Is it worth? Who knows! I’ll let you decide, but first, you’ll need to give it a watch 🙂
I’ll say right off the bat that Overlord II pretty much screams “watch the first season!” In fact, I suggest checking out some of the more prominent episodes from the first season is necessary if you want to get a better experience. This show isn’t here to feed you with exposition anymore. The first season has done that already and viewers should expect a developing storyline with established characters. Or that seems to be the case at first. However, the first few episodes not only reintroduces previous characters but also introduces new ones. An important race known as the “Lizardmen” get their spotlight as we are introduced to their society. We learn about their culture, characteristics, military, economy, and motivations.
To me, the Lizardmen possesses many human traits and emotions that aren’t too different compared to our own. Characters such as Zenburu Gugu, Green Claw Tribe Chieftain Shasryru and his brother Zaryusu displays their fierce personalities that makes them example of being capable leaders. Then, there are characters like the priestess Crusch Lulu who represents a more fragile and feminine side of the Lizardmen tribes. The point of the show seems to be trying to get viewers into accepting them and worth investing into. However, it didn’t do an adequate job as a good amount of these Lizardmen characters aren’t well developed. It’s a series that attempts characterization at non-human characters but ends up not accomplishing the job. It also doesn’t help that the story is incredibly predictable for their inevitable fates when facing off against powerful enemies.
This only consist the first half of the show that adapts volume 4 from the light novel series. These first six episodes tries to get fans back into the mood but honestly, I felt like expectations were betrayed. As a curious person, I was hoping the remaining episodes would improve but oh boy, I was wrong.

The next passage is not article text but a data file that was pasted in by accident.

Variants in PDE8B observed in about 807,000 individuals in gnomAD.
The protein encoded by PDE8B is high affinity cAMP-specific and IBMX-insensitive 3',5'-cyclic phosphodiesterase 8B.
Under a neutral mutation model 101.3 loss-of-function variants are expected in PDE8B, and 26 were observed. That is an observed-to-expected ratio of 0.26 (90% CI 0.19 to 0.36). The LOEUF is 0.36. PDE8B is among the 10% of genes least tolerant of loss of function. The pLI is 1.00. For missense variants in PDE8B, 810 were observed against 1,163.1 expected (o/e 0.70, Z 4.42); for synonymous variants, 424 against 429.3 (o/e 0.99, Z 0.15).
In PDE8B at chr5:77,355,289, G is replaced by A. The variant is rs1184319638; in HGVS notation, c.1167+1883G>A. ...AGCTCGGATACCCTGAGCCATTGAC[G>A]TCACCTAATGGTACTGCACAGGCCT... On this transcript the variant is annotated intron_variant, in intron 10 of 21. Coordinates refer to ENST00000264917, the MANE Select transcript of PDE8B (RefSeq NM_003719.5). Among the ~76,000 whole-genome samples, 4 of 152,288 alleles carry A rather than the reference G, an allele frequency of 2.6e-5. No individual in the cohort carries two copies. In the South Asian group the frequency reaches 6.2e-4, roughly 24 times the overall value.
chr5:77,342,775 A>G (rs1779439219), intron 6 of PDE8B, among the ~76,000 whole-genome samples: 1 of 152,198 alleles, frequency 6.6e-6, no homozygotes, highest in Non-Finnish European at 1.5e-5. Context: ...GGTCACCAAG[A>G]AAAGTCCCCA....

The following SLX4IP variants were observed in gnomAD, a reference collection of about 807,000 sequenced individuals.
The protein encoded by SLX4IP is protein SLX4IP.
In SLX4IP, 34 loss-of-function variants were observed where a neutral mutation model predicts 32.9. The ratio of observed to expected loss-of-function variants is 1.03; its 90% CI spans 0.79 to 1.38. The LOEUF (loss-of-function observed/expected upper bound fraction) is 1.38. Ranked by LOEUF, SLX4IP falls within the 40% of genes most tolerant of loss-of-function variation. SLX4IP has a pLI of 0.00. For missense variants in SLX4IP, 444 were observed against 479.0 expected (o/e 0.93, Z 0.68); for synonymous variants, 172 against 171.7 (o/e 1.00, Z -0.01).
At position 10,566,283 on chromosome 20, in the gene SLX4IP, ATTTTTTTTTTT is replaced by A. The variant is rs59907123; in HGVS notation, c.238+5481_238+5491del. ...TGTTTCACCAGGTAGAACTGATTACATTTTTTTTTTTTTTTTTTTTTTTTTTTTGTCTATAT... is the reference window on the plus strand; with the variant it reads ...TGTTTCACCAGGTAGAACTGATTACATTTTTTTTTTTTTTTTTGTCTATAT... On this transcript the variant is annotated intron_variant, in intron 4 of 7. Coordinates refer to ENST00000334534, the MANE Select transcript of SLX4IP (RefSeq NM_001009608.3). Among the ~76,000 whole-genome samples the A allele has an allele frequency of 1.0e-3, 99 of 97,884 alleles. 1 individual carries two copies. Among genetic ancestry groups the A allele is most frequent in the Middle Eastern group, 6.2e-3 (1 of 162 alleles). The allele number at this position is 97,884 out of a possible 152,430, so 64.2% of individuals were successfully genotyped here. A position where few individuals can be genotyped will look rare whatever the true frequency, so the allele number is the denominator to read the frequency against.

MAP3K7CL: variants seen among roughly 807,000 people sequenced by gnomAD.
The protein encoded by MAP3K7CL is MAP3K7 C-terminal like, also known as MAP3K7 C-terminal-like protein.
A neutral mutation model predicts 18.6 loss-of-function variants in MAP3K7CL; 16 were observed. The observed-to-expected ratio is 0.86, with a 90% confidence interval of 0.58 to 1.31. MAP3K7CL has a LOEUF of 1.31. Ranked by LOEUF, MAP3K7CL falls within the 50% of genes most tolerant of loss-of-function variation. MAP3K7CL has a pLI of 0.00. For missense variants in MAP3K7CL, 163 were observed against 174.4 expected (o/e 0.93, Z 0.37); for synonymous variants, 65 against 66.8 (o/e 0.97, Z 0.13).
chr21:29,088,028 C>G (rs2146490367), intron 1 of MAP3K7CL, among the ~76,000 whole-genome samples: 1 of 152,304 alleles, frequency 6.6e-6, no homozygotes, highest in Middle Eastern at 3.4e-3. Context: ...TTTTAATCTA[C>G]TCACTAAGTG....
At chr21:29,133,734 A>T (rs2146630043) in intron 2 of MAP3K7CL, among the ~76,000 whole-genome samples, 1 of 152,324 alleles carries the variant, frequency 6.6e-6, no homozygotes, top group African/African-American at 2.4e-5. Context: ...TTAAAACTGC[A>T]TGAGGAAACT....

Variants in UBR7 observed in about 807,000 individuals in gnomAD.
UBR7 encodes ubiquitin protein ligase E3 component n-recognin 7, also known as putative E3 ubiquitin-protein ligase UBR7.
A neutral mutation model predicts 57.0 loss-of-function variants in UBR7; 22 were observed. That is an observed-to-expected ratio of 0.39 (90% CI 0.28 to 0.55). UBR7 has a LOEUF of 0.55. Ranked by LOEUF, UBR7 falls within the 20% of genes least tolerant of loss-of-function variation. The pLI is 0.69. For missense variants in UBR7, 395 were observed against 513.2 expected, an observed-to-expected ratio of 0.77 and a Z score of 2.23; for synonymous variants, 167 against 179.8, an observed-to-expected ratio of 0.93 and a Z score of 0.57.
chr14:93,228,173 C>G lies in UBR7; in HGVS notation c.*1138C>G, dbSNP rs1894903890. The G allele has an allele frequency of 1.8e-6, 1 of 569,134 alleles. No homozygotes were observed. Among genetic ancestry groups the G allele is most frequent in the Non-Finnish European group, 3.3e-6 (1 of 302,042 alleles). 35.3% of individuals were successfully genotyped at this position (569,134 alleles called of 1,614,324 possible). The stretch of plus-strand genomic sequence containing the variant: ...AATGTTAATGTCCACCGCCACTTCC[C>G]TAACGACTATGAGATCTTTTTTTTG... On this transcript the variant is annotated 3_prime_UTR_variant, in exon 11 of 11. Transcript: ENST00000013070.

The remainder half of the show (roughly 7 episodes) covers the plot from the novel based on the “The Men in the Kingdom” (volumes 5-6). My initial expectations weren’t high as the first of these episodes had odd pacing and didn’t get me interested in characters except for Sebas. The other problem is that he is already a somewhat established character so it easy for viewers to accept him. Characters such as Climb, Brain, Tsuare, and Renner are much harder to accept. It falls into the pit of weak characterization again as they are hardly well developed outside of their personalities. We don’t learn much about their past and their motivations for fighting is hardly interesting.
Renner is also a character that’s easy to point fingers at once viewers discover her true personality. The one character that does stand out a bit is Sebas during this arc as he shows a more valiant side of him after understanding Tsuare. Does that make him a breakout star? Not really. While Sebas is definitely a motivating factor to keep up with the arc, he is limited to a generic philosophy of helping a damsel in distress. I also find his role with Solution to be rather blend. The way Solutions suspects Sebas of being a betrayer to Ainz can easily make the audience dislike her. Still, I think the weakest part of this arc involves the antagonists, the Eight Fingers. Their key members are incredibly ill-written with dull motivations and stereotypical personalities. None of them are worthy enough to remember and I honestly wish they didn’t even exist. They didn’t manage to bring out the best out of anyone and in fact, I think they even puts a shame in the limited battle scenes.
Madhouse returns and while I can’t say I’m impressed by the overall quality, it does make a nice attempt at designing the Lizardmen. They look faithful to the light novels and expresses human characteristics that I occasionally find enticing to watch. Violence is also exploited to bring out the dark fantasy elements of its story. However, there are two main drawbacks that I find unappealing for this season. First, it’s the action scenes as some of them are very limited and lazily animated. Second, it’s the world setting. It feels like once you’ve seen it once, you’ve seen them all. Hardly original and uninspiring.
The first season’s OP song was quite a thrill to the ears. This season took a step back and I find it skippable at times. Similarly, most of the human characters’ dialogues consists of weak words choices that I can’t really find worth quoting. On a more positive note, I did like the way the season used its battle OST.
BUY ME COFFEE!
A little can go a long way! Even a dollar is enough to motivation.